Major technological advances in medical treatment raise many ethical and halakhic (Jewish law) issues concerning end of life and reproductive medical situations. Even though the Halakha has precedents in the Talmud and in the subsequent codes and responsa, one must keep current in the medical, psychological, and halakhic domains to be able to make decisions. For example, one congregational rabbi was consulted about removing life-support from a dying patient. The rabbi said that he would follow the ruling of Rabbi Moshe Feinstein, who said that when the oxygen tank is changed, if the patient is able to breathe on his own, we can decline to connect a new tank. The author told the rabbi that hospitals supply oxygen from wall connections and have not used tanks for many decades.
The author reminds us that the role of the chaplain is to Continue reading “Jewish Guide to Practical Medical Decision Making”
Review by Dov Peretz Elkins • JewishMediaReview
In this day and age it is nearly impossible to stay 100% healthy and fit. Between long hours sitting in an office chair, balancing a family, and accomplishing everything else on your to-do list, it’s no wonder that health has become a relative term. To combat this, Michael Kaufman shows you how to extend your life by living healthy and fit. Am I My Body’s Keeper contains no magic life-extending elixir, nor a secret map to help you discover the fountain of youth. Am I My Body’s Keeper provides a simple guide to changing your lifestyle, from the sedentary one characterizing most of society to an active one emphasizing physical activity and healthy eating. The simple lifestyle changes advocated by this book will give you vim and vigor, health and fitness during those additional years of life you will be gaining. Based upon the timeless teachings of the Jewish sages as well as scientific research, Am I My Body’s Keeper is a guide for good, healthy living. It is for young and old, men and women—for everyone who wishes to be healthy and fit and to live a long life.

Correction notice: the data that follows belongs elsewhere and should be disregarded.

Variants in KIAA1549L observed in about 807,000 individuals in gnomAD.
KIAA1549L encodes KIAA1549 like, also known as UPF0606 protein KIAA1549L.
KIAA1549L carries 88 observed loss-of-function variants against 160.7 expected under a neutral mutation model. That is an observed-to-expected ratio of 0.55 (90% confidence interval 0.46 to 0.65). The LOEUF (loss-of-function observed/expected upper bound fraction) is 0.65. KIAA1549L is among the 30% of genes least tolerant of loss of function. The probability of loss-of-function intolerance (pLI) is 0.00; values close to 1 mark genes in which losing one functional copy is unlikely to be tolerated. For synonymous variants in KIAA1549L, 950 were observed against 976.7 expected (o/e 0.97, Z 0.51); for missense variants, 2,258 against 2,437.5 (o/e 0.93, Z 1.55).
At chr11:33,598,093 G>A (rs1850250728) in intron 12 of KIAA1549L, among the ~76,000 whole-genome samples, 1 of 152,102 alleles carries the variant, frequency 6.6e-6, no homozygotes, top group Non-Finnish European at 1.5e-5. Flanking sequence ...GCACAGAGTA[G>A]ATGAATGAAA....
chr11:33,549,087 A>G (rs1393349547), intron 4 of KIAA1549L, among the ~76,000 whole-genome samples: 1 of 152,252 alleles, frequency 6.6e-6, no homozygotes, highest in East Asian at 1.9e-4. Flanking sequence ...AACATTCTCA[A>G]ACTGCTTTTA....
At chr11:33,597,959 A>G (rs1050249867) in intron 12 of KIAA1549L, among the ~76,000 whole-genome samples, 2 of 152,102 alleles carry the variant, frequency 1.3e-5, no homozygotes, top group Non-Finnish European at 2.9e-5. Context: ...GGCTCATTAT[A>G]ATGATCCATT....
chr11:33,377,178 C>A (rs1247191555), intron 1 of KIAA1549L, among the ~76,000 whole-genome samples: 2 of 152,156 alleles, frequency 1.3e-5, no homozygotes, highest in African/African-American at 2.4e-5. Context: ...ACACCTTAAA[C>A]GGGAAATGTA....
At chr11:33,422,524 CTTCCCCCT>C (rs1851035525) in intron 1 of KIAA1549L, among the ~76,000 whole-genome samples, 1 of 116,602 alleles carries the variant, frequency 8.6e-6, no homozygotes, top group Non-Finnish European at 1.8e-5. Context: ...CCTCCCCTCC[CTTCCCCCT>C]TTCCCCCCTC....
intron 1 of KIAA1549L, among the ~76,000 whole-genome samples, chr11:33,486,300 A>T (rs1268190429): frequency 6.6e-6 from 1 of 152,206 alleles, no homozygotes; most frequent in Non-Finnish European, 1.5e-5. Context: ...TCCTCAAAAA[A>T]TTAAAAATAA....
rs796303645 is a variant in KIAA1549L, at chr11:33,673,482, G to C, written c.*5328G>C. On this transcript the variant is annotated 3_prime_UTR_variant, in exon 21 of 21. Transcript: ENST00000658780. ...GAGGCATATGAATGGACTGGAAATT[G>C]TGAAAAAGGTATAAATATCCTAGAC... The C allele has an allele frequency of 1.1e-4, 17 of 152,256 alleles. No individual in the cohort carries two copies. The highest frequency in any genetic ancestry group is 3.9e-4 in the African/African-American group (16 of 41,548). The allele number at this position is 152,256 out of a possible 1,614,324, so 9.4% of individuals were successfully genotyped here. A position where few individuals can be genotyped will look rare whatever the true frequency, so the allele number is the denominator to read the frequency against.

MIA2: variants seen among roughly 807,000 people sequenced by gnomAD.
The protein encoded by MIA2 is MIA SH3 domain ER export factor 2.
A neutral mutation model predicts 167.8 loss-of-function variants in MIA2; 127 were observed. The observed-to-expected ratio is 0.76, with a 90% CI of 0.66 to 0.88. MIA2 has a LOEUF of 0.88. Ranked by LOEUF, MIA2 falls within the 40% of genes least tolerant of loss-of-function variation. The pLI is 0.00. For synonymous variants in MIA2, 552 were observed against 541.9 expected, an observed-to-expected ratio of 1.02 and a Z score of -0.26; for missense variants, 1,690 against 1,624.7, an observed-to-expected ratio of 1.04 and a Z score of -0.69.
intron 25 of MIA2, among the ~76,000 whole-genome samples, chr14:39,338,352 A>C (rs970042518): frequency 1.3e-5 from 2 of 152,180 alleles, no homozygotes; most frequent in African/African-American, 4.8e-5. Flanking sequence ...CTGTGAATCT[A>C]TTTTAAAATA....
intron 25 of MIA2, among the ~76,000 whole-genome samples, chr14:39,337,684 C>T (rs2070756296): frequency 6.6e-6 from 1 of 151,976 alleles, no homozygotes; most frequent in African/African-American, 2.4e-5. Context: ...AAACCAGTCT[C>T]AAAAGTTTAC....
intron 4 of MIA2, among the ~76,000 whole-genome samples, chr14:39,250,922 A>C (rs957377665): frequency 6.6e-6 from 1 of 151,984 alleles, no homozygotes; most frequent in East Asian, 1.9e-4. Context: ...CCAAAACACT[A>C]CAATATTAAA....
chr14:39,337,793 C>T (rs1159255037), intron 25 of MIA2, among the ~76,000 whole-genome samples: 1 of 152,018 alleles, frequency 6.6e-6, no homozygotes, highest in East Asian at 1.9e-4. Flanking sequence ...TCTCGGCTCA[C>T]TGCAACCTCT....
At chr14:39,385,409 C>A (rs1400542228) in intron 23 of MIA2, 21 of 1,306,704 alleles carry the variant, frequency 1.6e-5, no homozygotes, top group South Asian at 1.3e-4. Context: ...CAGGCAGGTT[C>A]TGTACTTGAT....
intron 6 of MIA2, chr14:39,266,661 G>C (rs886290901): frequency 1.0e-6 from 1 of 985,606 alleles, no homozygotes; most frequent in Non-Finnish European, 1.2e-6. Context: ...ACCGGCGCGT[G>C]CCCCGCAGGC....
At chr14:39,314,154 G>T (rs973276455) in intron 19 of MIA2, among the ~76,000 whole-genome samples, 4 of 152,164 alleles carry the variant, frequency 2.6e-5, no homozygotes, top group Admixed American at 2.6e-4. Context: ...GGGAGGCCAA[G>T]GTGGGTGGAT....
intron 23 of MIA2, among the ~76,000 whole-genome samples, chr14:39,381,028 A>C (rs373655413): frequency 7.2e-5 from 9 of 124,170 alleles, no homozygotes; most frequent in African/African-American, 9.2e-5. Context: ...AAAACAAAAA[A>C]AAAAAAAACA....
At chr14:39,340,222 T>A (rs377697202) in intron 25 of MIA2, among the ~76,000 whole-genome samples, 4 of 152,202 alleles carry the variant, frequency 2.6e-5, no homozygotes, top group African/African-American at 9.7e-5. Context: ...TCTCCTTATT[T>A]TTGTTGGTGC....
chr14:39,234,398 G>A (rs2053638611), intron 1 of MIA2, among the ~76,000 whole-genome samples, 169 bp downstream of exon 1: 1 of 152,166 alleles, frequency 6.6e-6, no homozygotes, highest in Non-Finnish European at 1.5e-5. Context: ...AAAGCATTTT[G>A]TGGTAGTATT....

About the Author:
Dr. Michael Kaufman, a distinguished scholar, author, and lecturer, studied at Yeshiva and Mesivta Torah Vodaat, Telshe Yeshiva, Brooklyn College, and the University of Louisville. He has written extensively and has published nine books on Judaism and Jewish art and culture, including A Timeless Judaism for Our Time, Love, Marriage and Family in Jewish Law and Tradition, Feminism and Judaism, The Art of Judaism, Land of My Past, Land of My Future, on the mitzvah of residing in Israel; and a memoir, In One Era, Out the Other.
The author lives in Israel, where he does research and writes on the latest developments and scientific studies on health, nutrition, and fitness while standing at his shtender desk. Now in his 86th year, Michael Kaufman maintains an active, energetic schedule which includes time for daily fitness workouts and brisk early morning walks around the hills of Jerusalem.
Review by Roger S. Kohn • AJL Reviews
This slim book has two parts: part one about women serving as a communal prayer leader; part two, about women counting in a quorum of ten.
This book aims to answer a need: “though the halakhic questions regarding egalitarian minyanim have earned a fair amount of literature, there is still a need for a comprehensive treatment of the issue that seeks to understand the underlying concerns and issues of the different positions taken. Continue reading “Gender Equality and Prayer in Jewish Law”